🇨🇳 Technology in China

September 4th, 2016

One of my biggest struggles in adapting to life in China has been with technology. Specifically with internet connectivity, or lack thereof.

What's interesting to me is that the Chinese are very connected people. Nearly everyone seems to be carrying a large cell phone. On the bus, walking down the street, everywhere you go people are holding phones, playing games, or messaging friends. The biggest difference seems to be that they mostly connect through WeChat as opposed to the half dozen social networks we camp between in America.

I feel like I've gone back in time 15 years. The internet at Horizon Cove is slow even on a good day. I need a VPN to connect to most of the site I want to access which slows everything down even more. Some days the VPN works great, other days it cuts out at irregular intervals and needs to continually reconnect. Some days I can load my instagram feed, some times I can't. Sometimes I can't even do a Google search. When webpages continually fail to load it can be downright discouraging.

Google has proudly notified me a couple times that they have stopped someone from logging into my account using my username and password. (ಠ_ಠ) Thanks Google. That was me. Isn't that how usernames and passwords are supposed to work? If I have them, it means it's me? Oh, my connection is coming from China? Well if you were really going to be helpful maybe you'd do a better job of scanning my email and notice that I have purchased not one, but two flights to Hong Kong and maybe, just maybe, I'd want to log in while I'm overseas.

According to Apple my iPhone SE wasn't going to work in China. I was surprised to find out it did. Unfortunately, I made the mistake of associating my Chinese number with iMessage which means I can't use my US number with iMessage until I get back to the states and relink it. I'm half tempted to ship my phone home and have someone reconnect it for me, but I don't trust the mail system and the only thing worse than not having iMessage for my US number would be having my iPhone lost in the mail.

To make my life a little more convenient, and because I love technology, I bought a Chinese phone with a BA screen. (BA stands for Bachelor of Arts, obviously.) There's a Chinese phone company called Meizu and it's about as Apple as you can be. They are actually located just down the road from UIC. Most of their phones look and feel like iPhones. (The photo at the top of this article is from the Meizu website.) Brushed aluminum, rounded edges, even similar color options. The only real difference is the back camera is placed in the middle of the device and the fingerprint sensor is oval, not round.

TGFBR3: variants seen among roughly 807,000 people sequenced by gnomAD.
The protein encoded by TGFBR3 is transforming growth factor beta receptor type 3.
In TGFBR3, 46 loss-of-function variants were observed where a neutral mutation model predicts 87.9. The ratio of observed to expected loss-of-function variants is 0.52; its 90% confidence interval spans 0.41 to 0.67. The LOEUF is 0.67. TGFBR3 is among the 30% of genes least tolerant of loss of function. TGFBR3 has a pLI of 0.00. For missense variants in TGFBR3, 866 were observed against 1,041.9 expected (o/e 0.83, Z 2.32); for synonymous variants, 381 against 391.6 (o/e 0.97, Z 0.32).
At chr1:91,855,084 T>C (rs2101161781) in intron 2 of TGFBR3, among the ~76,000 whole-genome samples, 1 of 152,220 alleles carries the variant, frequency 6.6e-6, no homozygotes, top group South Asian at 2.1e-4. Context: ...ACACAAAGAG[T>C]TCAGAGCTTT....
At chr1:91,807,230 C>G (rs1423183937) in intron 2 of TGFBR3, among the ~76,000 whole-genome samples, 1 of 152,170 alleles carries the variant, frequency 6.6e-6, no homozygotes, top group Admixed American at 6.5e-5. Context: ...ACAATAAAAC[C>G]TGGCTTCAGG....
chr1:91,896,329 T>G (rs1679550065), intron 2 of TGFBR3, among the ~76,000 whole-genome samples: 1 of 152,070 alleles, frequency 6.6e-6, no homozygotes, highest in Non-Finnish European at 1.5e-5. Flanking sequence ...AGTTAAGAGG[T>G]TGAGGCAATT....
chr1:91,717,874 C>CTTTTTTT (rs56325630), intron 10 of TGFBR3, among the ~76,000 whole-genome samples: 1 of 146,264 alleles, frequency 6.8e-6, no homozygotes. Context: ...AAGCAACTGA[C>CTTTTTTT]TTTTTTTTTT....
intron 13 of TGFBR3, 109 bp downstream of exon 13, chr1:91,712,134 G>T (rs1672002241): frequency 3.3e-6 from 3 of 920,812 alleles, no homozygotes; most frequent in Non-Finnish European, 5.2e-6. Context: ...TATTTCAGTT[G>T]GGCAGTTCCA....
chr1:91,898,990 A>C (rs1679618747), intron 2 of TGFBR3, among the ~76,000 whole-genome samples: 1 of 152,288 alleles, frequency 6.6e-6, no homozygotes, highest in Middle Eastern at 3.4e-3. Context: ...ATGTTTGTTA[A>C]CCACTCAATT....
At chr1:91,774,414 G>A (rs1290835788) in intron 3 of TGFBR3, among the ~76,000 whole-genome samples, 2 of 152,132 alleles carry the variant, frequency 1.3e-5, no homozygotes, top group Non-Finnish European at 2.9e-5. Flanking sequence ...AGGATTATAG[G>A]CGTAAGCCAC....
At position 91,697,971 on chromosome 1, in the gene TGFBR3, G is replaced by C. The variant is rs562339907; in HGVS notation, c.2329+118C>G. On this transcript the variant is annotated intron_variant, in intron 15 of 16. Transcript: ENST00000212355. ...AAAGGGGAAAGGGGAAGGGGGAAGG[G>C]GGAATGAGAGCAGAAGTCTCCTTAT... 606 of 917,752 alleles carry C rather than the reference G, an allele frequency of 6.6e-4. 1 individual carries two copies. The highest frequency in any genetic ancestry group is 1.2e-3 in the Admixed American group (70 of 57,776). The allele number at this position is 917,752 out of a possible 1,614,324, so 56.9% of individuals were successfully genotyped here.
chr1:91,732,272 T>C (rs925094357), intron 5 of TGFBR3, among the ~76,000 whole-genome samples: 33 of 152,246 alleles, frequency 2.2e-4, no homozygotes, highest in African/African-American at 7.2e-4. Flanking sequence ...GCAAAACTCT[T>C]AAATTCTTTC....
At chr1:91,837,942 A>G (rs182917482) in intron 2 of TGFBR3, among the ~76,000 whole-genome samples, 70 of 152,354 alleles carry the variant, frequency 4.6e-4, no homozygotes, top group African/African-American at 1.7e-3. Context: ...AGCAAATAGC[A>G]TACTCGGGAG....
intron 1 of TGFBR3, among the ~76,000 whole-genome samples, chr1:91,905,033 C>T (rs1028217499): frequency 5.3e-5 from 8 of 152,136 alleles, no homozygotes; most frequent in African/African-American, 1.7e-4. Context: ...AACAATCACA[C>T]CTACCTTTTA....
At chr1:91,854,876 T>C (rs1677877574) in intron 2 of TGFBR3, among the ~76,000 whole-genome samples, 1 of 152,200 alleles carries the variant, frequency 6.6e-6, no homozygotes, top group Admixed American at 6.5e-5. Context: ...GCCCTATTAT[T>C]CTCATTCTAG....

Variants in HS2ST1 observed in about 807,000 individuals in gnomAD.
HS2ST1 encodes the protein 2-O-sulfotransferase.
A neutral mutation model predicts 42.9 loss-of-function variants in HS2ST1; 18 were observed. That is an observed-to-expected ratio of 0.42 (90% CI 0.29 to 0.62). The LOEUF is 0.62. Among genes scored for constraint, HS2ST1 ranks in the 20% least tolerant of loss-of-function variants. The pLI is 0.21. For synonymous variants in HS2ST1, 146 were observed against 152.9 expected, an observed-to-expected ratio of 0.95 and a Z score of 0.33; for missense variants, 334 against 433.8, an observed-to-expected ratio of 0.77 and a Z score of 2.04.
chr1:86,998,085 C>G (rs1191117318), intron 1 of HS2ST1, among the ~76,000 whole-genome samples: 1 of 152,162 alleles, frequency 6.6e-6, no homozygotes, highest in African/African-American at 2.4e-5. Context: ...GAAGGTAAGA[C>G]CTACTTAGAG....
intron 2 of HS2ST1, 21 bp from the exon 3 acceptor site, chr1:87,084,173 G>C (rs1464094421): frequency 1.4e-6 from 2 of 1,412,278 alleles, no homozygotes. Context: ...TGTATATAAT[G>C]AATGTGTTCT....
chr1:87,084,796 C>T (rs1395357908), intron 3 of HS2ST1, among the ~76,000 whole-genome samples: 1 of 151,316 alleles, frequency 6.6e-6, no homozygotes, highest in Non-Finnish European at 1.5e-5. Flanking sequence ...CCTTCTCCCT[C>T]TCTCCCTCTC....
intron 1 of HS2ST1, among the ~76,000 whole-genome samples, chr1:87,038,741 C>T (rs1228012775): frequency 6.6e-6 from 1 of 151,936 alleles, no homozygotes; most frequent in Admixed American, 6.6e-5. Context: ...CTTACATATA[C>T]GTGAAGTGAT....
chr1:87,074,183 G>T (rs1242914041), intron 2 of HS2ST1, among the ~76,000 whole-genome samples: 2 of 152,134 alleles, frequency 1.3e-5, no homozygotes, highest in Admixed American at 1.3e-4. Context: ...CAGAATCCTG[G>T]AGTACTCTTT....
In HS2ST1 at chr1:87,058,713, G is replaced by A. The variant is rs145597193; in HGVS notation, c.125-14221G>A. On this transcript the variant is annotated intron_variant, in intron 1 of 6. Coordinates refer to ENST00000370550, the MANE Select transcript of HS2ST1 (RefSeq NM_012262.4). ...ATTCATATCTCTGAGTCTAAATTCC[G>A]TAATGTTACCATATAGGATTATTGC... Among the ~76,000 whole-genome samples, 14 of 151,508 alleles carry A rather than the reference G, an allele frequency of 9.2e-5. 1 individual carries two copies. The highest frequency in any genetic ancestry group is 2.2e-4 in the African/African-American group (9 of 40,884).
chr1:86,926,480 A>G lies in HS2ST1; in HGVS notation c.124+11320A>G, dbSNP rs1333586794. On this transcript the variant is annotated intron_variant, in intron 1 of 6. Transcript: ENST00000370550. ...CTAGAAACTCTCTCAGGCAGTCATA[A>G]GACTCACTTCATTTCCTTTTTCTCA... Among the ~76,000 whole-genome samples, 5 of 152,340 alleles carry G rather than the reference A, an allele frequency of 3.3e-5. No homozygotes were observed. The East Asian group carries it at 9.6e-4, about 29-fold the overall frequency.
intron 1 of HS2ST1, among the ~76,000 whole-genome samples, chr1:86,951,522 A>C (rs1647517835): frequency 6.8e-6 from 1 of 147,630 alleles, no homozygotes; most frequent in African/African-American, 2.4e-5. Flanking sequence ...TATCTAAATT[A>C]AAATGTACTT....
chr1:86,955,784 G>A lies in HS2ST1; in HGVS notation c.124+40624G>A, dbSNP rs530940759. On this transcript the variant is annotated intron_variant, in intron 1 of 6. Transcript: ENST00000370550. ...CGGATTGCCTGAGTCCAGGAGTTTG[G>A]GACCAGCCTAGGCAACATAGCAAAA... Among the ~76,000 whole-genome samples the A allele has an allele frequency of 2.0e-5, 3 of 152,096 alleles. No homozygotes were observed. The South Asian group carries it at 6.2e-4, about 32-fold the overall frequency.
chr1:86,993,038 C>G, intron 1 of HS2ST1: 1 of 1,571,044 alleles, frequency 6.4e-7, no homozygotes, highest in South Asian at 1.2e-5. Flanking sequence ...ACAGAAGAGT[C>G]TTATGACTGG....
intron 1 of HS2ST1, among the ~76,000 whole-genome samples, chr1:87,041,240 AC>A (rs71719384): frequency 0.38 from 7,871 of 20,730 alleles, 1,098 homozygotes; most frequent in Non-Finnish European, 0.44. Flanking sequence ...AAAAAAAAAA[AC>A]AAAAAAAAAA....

The Meizu store is a small shop in Gongbei which is maybe ten feet square. Six employees stand around waiting for customers to come in. They wear blue polos and Meizu badges around their necks. A bar in the center of the room is ringed with eight different phones. I'm there with someone who needs a phone and a couple locals to help guide us.

One phone stands out to me. Glass front, glass back. Huge 5.5 inch screen. Flat aluminum sides. It looks more like a thinner version of the iPhone 5s. The screen seems to resist finger prints as I glide my fingers over the smooth surface. I want this phone.

"How much?" I look to my guides, they ask in Chinese and translate back the response. The phone is not for sale. They say to come back tomorrow.

It turns out the phone is brand new, only released a few days prior. It's the Meizu U20 and it wasn't even listed on their website. It takes me a little while to research it when I get home, but the price is ¥1099. I buy it when I go back on Sunday, conducting the transaction entirely on my own.

I justified the purchase for two reasons. Firstly, having a native Chinese phone gives me the ability to run one device without a VPN and keep the VPN on my iPhone on constantly. This is just a little more convenient. My second reason was that I wanted a larger screen for displaying photos. I brought along a micro sd card full of photos and this will work nicely as a viewing device.

Sidenote: I like the phone but it's not perfect. It's running Flyme OS, which is powered by YunOS, which is a version of Android. I can download a lot of Android apps, but not all of them work because Google is blocked in China. The screen doesn't light up when I get a message and the system doesn't allow notification badges on apps. I actually found a forum debate on whether or not they should add this as a feature. It's annoyingly absent coming from an iPhone. (I have it disabled on a lot of apps on iOS, but it's still useful.) I'm going to stick with the system the way it is for now. When I get back to the states I think I'll root the device and put a vanilla Android on it. It seems pretty easy to do, but I don't think doing it right away is a wise move. I'll wait until I don't need to rely on it before I start messing with the system.

Overall, things aren't really bad, they're just different, and it can be frustrating. I know I'm a "little spoiled" with how smoothly things work back home. It's going to take a little while to get used to this new temporary normal.